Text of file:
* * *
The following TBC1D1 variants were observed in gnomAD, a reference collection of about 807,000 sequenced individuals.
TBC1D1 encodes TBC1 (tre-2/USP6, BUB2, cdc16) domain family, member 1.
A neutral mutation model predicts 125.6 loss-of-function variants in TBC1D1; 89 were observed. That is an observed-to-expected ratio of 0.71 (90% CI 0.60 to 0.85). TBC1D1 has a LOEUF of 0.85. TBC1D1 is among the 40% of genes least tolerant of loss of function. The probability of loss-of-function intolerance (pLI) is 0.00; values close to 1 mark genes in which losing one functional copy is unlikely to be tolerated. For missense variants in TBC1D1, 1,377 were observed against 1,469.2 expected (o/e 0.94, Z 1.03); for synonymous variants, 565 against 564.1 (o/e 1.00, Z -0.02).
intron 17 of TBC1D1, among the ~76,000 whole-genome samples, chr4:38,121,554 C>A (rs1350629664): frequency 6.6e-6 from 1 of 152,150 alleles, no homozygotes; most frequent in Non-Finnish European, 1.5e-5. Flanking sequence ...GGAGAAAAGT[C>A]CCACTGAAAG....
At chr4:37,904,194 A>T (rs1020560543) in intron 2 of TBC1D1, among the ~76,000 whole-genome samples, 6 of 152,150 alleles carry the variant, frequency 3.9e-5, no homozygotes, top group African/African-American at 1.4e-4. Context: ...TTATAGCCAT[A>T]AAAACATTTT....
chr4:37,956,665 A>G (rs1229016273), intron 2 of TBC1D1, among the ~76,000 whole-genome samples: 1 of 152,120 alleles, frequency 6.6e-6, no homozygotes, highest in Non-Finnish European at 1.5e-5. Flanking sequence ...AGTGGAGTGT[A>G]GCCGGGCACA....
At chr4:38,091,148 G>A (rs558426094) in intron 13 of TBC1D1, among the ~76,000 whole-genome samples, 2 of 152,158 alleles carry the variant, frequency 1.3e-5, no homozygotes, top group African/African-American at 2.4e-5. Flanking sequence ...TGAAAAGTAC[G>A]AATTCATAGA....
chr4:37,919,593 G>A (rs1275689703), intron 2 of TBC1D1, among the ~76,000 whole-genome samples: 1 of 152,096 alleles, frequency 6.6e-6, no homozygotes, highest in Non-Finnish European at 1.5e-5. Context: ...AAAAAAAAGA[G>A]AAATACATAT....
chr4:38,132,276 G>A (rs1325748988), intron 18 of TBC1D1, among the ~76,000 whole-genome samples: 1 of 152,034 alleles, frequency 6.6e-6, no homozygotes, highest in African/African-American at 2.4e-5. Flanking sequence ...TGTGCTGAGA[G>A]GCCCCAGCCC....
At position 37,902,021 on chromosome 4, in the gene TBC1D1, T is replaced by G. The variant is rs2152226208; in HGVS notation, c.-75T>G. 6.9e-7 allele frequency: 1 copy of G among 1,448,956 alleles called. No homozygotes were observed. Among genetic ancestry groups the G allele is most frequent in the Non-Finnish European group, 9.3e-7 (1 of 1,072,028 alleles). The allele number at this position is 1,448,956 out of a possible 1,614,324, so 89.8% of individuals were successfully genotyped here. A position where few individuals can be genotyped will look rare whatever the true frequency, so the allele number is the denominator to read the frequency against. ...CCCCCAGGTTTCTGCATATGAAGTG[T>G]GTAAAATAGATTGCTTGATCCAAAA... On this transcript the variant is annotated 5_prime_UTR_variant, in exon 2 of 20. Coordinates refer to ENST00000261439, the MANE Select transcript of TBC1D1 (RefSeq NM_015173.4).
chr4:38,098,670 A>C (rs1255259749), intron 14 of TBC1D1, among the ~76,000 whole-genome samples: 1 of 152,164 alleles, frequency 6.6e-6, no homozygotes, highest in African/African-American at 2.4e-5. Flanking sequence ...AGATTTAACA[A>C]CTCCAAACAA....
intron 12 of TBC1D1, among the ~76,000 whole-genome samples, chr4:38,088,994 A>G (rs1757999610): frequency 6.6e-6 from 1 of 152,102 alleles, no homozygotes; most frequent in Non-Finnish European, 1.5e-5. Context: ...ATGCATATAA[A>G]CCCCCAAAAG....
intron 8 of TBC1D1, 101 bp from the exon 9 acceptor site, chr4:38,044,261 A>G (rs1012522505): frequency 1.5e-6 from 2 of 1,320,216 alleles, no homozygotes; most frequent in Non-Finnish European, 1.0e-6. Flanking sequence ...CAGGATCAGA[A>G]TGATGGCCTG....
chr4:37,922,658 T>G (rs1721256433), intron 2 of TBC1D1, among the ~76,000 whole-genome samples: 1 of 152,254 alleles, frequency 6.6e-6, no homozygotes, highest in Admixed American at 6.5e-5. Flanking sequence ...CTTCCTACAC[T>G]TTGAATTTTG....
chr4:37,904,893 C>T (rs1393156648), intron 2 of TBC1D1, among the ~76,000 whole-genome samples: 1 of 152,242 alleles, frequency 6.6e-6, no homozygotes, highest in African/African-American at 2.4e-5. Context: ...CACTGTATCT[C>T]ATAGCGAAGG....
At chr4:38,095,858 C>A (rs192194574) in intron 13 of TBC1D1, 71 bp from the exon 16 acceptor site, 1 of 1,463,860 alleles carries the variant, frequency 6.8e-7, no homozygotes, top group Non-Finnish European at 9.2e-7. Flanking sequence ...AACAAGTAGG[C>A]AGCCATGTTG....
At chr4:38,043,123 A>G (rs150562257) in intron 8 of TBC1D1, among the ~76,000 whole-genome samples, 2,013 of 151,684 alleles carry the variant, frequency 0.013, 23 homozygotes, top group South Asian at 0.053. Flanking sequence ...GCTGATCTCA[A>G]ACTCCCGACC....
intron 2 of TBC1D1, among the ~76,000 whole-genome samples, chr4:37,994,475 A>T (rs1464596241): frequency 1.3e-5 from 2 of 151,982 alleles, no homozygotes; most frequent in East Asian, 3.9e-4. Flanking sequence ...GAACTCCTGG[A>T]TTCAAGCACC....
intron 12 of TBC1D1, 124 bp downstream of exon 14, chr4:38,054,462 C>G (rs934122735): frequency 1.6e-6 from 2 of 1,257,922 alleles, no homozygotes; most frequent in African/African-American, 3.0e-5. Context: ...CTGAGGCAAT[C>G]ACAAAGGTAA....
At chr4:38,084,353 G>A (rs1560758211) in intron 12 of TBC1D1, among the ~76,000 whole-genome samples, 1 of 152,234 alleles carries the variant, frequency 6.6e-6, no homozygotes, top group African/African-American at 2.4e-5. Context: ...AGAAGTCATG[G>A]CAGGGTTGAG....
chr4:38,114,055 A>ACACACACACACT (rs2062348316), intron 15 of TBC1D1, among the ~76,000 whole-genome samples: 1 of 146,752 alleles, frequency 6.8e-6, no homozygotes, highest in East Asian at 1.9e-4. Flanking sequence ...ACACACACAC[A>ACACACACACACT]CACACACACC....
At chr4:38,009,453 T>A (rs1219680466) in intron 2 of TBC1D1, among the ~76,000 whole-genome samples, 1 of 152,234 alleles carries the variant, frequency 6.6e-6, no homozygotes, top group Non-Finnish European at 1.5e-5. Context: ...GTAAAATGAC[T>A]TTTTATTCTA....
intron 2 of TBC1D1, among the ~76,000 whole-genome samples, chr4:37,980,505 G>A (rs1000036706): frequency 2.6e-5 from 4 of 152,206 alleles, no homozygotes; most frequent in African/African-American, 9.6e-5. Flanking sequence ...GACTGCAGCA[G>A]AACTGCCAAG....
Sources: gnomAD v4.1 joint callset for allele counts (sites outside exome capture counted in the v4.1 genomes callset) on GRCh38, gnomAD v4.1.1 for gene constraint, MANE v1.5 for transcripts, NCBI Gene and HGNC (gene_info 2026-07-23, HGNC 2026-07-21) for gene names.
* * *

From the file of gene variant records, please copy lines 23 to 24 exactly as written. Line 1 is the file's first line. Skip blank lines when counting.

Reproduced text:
intron 2 of TBC1D1, among the ~76,000 whole-genome samples, chr4:37,980,505 G>A (rs1000036706): frequency 2.6e-5 from 4 of 152,206 alleles, no homozygotes; most frequent in African/African-American, 9.6e-5. Flanking sequence ...GACTGCAGCA[G>A]AACTGCCAAG....
Sources: gnomAD v4.1 joint callset for allele counts (sites outside exome capture counted in the v4.1 genomes callset) on GRCh38, gnomAD v4.1.1 for gene constraint, MANE v1.5 for transcripts, NCBI Gene and HGNC (gene_info 2026-07-23, HGNC 2026-07-21) for gene names.